For a feature film with a budget, I’d shoot fresh stock. But as long as I’m strapped and I can find reputable dealers who test their stock, I’ll continue using recans for my shorts and docs.
����Shortend/recan dealers in NYC I’ve used:
����Raw Stock, 212-255-0445
����Steadisystems, 30 W. 21st, 212-647-0900
����Film Emporium, 212-681-6922

Listen while You Shoot

By Greg Pak
When working as a cinematographer on documentaries, I wear headphones whenever possible to monitor the sound that’s being recorded. The technique allows me to hear interesting things which can improve my shooting.
For example, on a recent project, one subject was equipped with a wireless mike. Even though he wasn’t on screen all the time, I could hear his voice through my headphones. From time to time, I’d hear him start an interesting conversation. I’d turn and catch him on tape from across the room — something which would never have happened if I wasn’t monitoring the sound.
It’s worth noting that this is a much easier thing to do when shooting video — if the sound is recorded directly into the camera, you can simply plug your headphones into the camera’s onboard jack. If you’re shooting on film, the sound is recorded separately, which makes the wiring a little more awkward, since you’ll have to run your headphones to the sound person’s recorder…
In general, I’d recommend wearing headphones if possible, but give ’em up if awkward wiring hurts your shooting or the sound person’s recording.

Budget for Distribution

By Greg Pak
Yeah, I know, at the pre-production stage, most of us are barely scraping together the dollars to get our films in the can. But remember that if you don’t have the money to properly push your film once it’s done, the whole effort is for naught.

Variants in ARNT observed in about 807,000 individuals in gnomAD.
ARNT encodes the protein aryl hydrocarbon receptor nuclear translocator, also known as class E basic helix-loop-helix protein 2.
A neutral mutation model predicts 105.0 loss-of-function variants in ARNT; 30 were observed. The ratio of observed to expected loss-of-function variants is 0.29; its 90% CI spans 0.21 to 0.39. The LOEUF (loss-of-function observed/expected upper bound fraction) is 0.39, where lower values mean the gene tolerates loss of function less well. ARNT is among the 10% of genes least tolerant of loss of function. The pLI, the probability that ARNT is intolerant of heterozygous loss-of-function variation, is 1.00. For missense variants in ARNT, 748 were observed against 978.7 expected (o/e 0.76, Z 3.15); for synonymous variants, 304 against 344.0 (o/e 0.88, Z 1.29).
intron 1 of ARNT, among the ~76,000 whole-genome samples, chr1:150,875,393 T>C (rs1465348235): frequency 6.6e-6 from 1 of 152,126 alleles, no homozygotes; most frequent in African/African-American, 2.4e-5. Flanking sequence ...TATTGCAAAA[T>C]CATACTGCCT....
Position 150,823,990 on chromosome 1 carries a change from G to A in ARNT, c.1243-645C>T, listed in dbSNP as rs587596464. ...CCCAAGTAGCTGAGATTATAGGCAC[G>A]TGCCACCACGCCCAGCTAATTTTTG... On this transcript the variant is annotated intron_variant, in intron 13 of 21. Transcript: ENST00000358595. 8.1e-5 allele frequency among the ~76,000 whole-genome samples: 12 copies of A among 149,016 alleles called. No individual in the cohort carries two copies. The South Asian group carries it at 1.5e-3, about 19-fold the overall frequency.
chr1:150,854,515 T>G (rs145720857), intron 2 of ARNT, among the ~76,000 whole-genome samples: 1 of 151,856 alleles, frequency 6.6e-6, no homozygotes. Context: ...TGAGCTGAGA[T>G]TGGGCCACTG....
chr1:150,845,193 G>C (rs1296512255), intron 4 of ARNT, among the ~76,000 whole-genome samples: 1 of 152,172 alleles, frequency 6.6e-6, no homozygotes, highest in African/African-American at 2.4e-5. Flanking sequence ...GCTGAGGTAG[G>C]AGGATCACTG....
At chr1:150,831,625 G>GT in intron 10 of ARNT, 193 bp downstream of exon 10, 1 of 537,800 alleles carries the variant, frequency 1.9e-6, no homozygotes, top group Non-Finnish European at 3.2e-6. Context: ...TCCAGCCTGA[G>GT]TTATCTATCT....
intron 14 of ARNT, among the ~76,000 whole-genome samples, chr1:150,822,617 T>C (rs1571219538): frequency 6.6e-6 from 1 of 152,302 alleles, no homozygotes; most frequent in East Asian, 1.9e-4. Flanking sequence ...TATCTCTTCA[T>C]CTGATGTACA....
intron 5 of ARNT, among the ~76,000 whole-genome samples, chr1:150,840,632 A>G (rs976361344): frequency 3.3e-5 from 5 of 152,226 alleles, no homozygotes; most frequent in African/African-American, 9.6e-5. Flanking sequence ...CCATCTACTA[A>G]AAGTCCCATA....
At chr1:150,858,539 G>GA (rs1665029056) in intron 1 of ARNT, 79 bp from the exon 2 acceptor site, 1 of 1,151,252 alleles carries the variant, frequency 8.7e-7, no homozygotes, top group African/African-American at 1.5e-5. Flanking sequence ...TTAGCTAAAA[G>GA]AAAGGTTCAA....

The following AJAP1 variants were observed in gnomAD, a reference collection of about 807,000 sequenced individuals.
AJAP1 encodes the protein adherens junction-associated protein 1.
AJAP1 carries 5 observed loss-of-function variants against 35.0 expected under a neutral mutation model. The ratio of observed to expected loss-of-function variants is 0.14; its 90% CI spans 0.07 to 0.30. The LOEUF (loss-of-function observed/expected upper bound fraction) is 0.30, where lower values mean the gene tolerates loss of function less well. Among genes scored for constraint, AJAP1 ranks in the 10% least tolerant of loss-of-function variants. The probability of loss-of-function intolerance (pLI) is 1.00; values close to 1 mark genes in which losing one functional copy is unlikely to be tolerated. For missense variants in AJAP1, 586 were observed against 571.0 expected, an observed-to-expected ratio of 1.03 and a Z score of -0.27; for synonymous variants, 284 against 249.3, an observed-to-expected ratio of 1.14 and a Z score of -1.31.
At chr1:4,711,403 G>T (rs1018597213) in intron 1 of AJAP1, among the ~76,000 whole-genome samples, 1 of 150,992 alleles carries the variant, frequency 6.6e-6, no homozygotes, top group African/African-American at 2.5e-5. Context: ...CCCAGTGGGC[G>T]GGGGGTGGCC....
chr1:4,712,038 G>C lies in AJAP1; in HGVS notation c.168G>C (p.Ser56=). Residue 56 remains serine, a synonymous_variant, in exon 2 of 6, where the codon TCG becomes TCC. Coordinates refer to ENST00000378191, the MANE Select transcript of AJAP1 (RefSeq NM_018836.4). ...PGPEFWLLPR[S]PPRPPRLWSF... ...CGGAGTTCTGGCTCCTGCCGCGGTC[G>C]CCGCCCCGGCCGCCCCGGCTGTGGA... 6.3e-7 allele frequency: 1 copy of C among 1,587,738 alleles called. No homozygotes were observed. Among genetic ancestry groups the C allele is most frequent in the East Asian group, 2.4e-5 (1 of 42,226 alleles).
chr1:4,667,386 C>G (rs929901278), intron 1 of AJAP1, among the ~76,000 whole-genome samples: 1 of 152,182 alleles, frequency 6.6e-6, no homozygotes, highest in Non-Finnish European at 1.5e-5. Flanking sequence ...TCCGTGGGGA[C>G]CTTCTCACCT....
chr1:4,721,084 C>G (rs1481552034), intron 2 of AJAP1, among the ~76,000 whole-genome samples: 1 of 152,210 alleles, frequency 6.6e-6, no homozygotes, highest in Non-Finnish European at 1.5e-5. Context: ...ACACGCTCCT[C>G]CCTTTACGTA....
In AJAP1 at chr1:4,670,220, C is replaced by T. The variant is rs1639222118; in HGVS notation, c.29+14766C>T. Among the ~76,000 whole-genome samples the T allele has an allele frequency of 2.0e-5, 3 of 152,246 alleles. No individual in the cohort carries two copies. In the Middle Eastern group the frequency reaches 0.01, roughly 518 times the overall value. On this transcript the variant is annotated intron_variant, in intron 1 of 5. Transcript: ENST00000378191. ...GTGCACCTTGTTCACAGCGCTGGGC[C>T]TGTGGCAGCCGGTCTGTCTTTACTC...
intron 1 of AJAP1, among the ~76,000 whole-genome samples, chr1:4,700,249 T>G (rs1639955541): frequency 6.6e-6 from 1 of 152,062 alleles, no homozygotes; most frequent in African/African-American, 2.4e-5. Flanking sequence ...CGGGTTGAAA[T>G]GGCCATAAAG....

For the average short, you’ll want to reserve $200 to $300 for VHS copies, $1000 for festival entry fees (and that’ll only let you submit to about 35 festivals — you’ll probably want to submit to even more), $200 for stills and press kits, and $300 for postage and packing material.
That adds up to about $1,800, more than I spent for the entire production and completion of “Po Mo Knock Knock.” Seems ridiculous to spend more than the film itself, but that’s the nature of the beast. Raise the bux and get it out there — otherwise you’re just sitting on your film and no one will ever see it.
Actually, now that I think about my own experiences, maybe it’s best� not to keep track of how much you’re spending to promote your film. I don’t even want to think of what I’ve spent flogging “Fighting Grandpa,” particularly when I add in the costs of traveling to festivals. But these were expenses I had to make — otherwise the film wouldn’t have been recognized and I probably wouldn’t have gotten either the agent I have or the grants I’ve received for my new documentary.

Test Converted 16mm Cameras

By Greg Pak
If you’re using a Super 16 camera that’s being converted to regular 16 for your shoot, shoot a test roll before you shoot real footage with it. If it’s been configured improperly, the framing will be off on your final image — you’ll end up with more image on the right hand side of your frame, for example, which will bug you and everyone else in the world who cares about decent composition.

Test-Shoot Rehearsals on Video

By Greg Pak
When I’m shooting fiction, I always try to have my cinematographer come to a rehearsal (ideally on location) with a video camera to shoot some of the set ups we’ve discussed. This way, before the shoot, we have a chance to see what we’re talking about regarding camera movement and frame.
Test shooting rehearsals on video also gives the D.P. and director a chance to find new and better camera angles for scenes based on how the actors are moving in the locations. Always good to do this ahead of time — saves some scrambling on the actual set.

Let’s Talk About Frame

By Greg Pak
Talk with your D.P. in exact terms about frame — for example, when shooting 16mm, specify that all important information should be within the TV safe lines. Otherwise, you may end up with an image that’s beautifully framed for film projection but looks cramped when transferred to video.
Also, make sure you know that you and your D.P. are thinking the same thing when you use certain terms — one person’s close up is another person’s medium shot.